Lynn D'Avolio
Coldwell Banker Residential Brokerage | 801-597-2857 | lynn1@soldbylynn.com


Posted by Lynn D'Avolio on 2/14/2017

Growing your own vegetables is a wonderful thing. You get to choose which seeds to sow, spend time outside, put in some hard work and then reap the rewards all summer and fall. In spite of this, many new gardeners find themselves planting too much or too little of different vegetables. There's much appeal to going to the store to pick out seeds. It almost seems like magic: these little seed packets will turn into baskets full of food, all for just a few dollars. Follow these tips to learn how to grow what you want the first time around so you won't find yourself begging neighbors to take all those extra zucchinis off your hands. What do you like to eat? Experimenting with new recipes is great. And so is the temptation when you see seed packets for an exotic vegetable you've never tried before. But before you dedicate a whole row of your garden to hybrid turnips, think about whether or not you'll really eat all of that. Instead, plant the veggies you and your family love to eat consistently. Before you start planting, think carefully about the amount of space you have in your garden (I usually draw a diagram and label the rows). This is going to involve some necessary research on your part. If you love summer squash, you may think you need a whole row. Squash plants, however, tend to creep outwards vigorously, producing a ton of fruit and also encroaching on other rows if you're not careful. Similarly, you may find that you simply don't have enough room for some vegetables. We all love the first sweet corn of the season, but most of us don't have enough room in our backyard gardens to feasibly grow corn. Plan for next year Once you've tilled the soil, planted the seeds, and taken care of your plants all spring, you may think the only thing left to do is harvest the vegetables. This is a crucial time, however, to think about next year. What did you have too much of? Too little? Did you find that some vegetables simply wouldn't grow in your garden? (I tried twice, with little luck, to plant pole beans but found that they just didn't like my soil.) Take note of these findings for next year. If one part of your garden receives more sunlight, try rotating crops to see if you get different results. Don't worry if your garden isn't perfect the first time around. In fact, it's best to just let go of that image of the perfect garden. Tending a garden isn't another chore to cause stress in your life, it's a simple and relaxing way to get outside more.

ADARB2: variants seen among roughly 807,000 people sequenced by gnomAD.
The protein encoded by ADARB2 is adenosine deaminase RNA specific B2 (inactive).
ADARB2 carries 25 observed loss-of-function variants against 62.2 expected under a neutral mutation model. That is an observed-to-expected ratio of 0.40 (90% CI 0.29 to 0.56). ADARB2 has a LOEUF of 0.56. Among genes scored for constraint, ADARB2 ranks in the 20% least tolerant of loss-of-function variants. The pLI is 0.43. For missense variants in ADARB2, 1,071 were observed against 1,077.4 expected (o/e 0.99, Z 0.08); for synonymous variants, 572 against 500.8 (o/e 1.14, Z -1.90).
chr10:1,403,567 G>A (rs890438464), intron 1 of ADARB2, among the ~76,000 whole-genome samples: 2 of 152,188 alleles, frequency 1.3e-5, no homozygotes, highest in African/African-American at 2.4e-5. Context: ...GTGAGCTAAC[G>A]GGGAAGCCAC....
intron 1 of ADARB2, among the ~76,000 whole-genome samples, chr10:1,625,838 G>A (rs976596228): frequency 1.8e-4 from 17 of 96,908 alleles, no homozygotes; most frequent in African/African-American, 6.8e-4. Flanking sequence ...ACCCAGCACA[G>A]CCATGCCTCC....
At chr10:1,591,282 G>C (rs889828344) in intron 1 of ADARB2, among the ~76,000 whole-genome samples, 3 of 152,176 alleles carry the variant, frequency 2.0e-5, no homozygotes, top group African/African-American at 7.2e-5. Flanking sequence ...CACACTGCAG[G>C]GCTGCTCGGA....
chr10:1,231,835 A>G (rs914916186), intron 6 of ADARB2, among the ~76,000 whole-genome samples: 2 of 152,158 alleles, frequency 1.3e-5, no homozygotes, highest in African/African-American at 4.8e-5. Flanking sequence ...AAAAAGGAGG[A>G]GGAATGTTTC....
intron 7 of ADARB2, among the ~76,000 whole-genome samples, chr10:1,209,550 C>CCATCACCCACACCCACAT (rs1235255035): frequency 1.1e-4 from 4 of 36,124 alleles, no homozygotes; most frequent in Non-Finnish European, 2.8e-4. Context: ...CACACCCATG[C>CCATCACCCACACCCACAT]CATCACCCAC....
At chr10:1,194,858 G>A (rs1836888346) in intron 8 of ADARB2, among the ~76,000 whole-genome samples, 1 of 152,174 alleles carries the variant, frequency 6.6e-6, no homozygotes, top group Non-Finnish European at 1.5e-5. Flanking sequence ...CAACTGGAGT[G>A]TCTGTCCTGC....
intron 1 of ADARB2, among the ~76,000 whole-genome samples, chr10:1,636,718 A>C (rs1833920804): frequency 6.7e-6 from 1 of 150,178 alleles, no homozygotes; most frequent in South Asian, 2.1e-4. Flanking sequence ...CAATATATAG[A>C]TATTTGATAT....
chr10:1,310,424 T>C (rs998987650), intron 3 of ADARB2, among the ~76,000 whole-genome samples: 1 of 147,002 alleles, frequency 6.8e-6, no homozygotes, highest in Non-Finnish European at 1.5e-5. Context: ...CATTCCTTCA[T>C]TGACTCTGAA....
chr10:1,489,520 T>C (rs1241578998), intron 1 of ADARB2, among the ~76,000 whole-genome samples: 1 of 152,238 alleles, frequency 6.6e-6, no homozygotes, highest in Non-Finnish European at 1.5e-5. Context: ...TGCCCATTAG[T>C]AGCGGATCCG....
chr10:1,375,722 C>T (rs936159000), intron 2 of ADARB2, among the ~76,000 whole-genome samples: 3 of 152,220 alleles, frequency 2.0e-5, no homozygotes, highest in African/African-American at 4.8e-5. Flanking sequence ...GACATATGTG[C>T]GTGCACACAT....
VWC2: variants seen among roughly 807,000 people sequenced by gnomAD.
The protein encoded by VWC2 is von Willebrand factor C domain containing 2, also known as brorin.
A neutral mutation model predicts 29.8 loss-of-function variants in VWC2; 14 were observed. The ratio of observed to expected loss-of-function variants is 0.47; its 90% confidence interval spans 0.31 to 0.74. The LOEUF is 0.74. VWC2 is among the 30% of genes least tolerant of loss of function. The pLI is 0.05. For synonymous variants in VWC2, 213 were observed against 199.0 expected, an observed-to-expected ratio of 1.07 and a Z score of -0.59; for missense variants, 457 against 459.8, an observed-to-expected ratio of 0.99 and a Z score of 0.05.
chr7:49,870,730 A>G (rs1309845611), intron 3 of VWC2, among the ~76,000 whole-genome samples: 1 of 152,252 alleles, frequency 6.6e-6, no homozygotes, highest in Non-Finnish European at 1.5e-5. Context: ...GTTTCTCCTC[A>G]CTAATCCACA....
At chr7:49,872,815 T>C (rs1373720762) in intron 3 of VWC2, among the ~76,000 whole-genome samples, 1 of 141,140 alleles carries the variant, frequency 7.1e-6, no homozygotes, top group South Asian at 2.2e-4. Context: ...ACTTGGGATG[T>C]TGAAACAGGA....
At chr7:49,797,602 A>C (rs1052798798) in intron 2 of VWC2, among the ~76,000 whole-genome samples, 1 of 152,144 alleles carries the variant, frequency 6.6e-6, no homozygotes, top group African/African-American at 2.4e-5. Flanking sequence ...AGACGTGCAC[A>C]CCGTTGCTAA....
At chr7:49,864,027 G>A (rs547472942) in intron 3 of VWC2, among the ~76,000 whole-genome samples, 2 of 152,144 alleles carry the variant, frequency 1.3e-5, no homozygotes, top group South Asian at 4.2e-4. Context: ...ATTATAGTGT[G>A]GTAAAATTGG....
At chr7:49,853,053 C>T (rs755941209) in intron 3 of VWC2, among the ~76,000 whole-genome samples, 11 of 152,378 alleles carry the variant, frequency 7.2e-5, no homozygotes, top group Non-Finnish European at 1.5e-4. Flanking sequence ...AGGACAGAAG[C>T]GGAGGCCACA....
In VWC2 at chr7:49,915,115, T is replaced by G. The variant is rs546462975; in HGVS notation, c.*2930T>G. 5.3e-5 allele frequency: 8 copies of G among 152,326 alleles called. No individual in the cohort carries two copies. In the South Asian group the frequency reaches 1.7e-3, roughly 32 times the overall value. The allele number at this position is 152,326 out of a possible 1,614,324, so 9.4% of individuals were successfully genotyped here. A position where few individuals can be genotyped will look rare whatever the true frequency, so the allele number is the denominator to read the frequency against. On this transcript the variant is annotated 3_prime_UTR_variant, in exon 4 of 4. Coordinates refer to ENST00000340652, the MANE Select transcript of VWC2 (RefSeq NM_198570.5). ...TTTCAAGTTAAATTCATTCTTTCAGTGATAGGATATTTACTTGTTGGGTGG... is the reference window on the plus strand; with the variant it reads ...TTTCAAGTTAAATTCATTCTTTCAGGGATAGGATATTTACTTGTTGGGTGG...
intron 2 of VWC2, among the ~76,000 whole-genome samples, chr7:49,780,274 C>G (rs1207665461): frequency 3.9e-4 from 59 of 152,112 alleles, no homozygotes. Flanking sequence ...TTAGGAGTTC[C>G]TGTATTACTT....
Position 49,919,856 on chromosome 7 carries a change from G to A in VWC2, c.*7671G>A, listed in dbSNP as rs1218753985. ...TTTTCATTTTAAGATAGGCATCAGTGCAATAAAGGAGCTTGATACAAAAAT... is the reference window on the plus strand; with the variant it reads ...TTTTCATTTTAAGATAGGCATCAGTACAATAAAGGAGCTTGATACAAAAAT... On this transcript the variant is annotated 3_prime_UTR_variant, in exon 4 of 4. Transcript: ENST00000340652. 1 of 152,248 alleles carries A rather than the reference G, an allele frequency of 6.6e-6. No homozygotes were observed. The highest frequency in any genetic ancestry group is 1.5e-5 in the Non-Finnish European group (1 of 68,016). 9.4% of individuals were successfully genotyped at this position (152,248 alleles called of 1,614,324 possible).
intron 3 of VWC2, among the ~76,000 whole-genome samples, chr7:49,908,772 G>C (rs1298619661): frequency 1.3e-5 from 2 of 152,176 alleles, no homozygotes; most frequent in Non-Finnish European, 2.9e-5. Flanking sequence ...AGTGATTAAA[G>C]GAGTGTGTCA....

Posted by Lynn D'Avolio on 10/4/2016

Homeowners have different amounts of time they can spend in the garden; for most of us, it is never enough. If you have a busy schedule and cannot devote a lot of time or energy to caring for your landscape, you can still have a beautiful, eye-catching garden. With a bit of research and planning, you can discover plants that thrive in your garden and require little in the way of care or maintenance. Consider about the configuration of your garden, making a sketch of areas that are sunniest and those that receive shade. Note the content of the soil. Likely some areas of your property have soil that is loamier or sandier than others. Take several soil samples from your yard, marked with the location, to your local county extension office for soil analysis and advice on what you need to do to supplement your soil and improve growing conditions. Creating a low-maintenance garden and landscape is about more than selecting the right low maintenance plants. It is important to factor in your United States Department of Agriculture Plant Hardiness Zone, your unique gardening environment and then working with it. Matching plants to the conditions in your garden and the plants requirements when you plant them, and you will have save time later. Group plants with similar water requirements together, keeping all your thirsty plants in one spot for ease of watering. Consider installing a drip irrigation which is an inexpensive and healthier way for plants to obtain moisture and a lot less work for you. Low Maintenance Plants When looking for low maintenance plants for the garden, choose perennials that you only have to plant once. Perennials and annuals that self-seed grace the garden every spring with bursts of color and fresh greenery; all without effort on your part. It is best to choose perennials rated for your USDA hardiness zone and growing conditions. If a plant grows in the wild in your “neck of the woods” it will grow in your garden. If established in the wild, the plant is acclimated to your make it through the winter where you live, tolerant of rainfall amounts, soil quality, and climate. Hardy Perennials Gardener’s in USDA hardiness zones 2 through 6 suggest peonies, butterfly weed, daffodils and tulips for sunny, permanent spots in the garden. The many different striking varieties of geranium are perfect for borders, pots, baskets, and containers, but must be dug and stored or brought indoors in areas subject to freezing. In these same hardiness zones, ferns, hostas, and bleeding heart are hardy perennials that tolerate shade and cold temperatures.




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